A motion for rehearing is a document that is filed after a trial or final hearing. It requests that the court reopen the testimony or make specific findings. Filing a motion for rehearing is not always required before filing an appeal of the court’s ruling. But, in certain circumstances, it is required, otherwise the appeal is dismissed. In Sordo v. Camblin, the Third District Court addressed this issue.
The parties in this case attended a four day trial on a request to modify the time sharing schedule. After hearing substantial testimony, the trial court entered an order modifying the time sharing schedule of the parties. It gave the parties nearly equal time sharing and provided more stability for the children. The trial court’s order did not make specific factual findings on the two required factors that are necessary to modify a time sharing schedule under Wade v. Hirschman, 903 So. 2d 928 (Fla. 2005). The mother did file a motion for rehearing and alleged several points of error, which the trial court denied. Unfortunately, the Mother failed to allege that the trial court did not make the specific factual findings under the Wade case.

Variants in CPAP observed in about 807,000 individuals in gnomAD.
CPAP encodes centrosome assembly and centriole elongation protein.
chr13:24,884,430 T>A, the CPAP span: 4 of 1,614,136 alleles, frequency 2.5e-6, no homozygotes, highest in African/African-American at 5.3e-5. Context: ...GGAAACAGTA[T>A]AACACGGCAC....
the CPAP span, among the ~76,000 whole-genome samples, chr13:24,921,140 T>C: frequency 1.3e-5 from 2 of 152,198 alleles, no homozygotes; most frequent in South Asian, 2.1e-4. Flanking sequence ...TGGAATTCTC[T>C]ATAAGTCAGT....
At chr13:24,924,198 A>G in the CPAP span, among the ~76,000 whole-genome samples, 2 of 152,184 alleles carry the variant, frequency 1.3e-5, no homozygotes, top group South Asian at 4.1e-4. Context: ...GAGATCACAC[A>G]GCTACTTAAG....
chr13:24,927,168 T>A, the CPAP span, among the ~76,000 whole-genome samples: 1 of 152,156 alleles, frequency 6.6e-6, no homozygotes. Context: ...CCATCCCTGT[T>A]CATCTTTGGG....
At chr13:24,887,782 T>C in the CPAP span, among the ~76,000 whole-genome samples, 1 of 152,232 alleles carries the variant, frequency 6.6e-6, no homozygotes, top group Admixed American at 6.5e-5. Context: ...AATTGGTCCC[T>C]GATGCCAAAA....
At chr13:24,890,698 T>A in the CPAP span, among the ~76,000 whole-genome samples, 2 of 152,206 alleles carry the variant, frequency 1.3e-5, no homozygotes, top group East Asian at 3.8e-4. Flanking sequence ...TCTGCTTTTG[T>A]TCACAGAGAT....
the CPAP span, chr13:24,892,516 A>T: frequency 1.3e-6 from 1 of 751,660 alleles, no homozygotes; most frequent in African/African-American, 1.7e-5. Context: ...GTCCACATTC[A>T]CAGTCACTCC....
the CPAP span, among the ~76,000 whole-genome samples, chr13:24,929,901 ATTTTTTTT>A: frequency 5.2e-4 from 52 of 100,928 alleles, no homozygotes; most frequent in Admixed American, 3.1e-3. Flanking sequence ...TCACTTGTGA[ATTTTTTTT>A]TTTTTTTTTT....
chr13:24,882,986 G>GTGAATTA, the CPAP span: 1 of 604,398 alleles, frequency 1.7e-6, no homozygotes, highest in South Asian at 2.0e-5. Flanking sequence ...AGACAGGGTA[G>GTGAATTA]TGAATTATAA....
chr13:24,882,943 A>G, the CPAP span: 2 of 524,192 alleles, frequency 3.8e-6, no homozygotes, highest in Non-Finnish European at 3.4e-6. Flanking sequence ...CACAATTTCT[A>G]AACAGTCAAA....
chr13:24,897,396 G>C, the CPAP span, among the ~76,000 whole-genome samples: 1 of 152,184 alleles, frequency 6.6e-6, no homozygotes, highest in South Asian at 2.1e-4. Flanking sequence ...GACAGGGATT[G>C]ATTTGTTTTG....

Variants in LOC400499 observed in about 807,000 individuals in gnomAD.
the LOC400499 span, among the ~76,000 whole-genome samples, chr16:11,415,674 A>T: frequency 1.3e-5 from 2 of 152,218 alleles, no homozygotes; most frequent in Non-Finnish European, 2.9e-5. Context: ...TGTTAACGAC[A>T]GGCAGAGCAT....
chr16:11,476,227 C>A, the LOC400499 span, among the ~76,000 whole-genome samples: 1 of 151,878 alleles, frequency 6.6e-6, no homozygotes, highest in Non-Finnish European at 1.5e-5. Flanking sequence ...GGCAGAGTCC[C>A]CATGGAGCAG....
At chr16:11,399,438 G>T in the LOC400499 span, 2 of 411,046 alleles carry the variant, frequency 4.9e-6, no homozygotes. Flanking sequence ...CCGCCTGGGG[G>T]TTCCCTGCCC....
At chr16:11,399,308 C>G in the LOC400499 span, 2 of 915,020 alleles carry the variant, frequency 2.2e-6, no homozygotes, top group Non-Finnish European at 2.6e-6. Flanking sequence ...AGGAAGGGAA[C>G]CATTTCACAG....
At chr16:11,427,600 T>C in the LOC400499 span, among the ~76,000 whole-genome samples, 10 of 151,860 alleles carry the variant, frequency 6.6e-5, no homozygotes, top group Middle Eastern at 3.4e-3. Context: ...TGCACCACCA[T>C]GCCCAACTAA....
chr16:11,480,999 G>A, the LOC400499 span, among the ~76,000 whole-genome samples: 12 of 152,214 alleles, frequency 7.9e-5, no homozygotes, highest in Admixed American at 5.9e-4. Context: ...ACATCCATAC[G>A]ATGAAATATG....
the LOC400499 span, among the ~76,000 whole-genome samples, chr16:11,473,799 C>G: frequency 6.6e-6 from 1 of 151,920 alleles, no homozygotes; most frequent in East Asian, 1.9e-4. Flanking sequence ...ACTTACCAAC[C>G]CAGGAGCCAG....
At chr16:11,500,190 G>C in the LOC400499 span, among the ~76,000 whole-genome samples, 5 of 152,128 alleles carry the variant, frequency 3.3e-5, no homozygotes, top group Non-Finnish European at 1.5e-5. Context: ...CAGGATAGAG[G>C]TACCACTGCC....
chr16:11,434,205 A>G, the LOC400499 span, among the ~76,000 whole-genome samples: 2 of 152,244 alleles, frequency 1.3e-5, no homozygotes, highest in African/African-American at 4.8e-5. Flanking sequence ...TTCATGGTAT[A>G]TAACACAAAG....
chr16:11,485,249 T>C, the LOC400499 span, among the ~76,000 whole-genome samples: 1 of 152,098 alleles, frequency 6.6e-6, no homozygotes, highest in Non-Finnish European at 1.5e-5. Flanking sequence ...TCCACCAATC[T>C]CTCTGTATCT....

The Mother appealed. The appellate court affirmed the trial court’s order modifying the time sharing schedule. The appellate court found that “although we agree the trial court should have made specific factual findings on the two required prongs under Wade, the mother has waived this argument by failing to bring it to the trial court's attention in her motion for rehearing.” This is an unfortunate ruling for the Mother and could have been avoided if the proper document was filed before the appeal, alleging the proper grounds for a rehearing. It must be noted that a motion for rehearing must be filed within 10 days of the court signing the final judgment. If you think that a motion for rehearing is warranted in your case, it is in your best interest to contact your expert family law attorney as soon as possible, because the deadline for a motion for rehearing is absolute.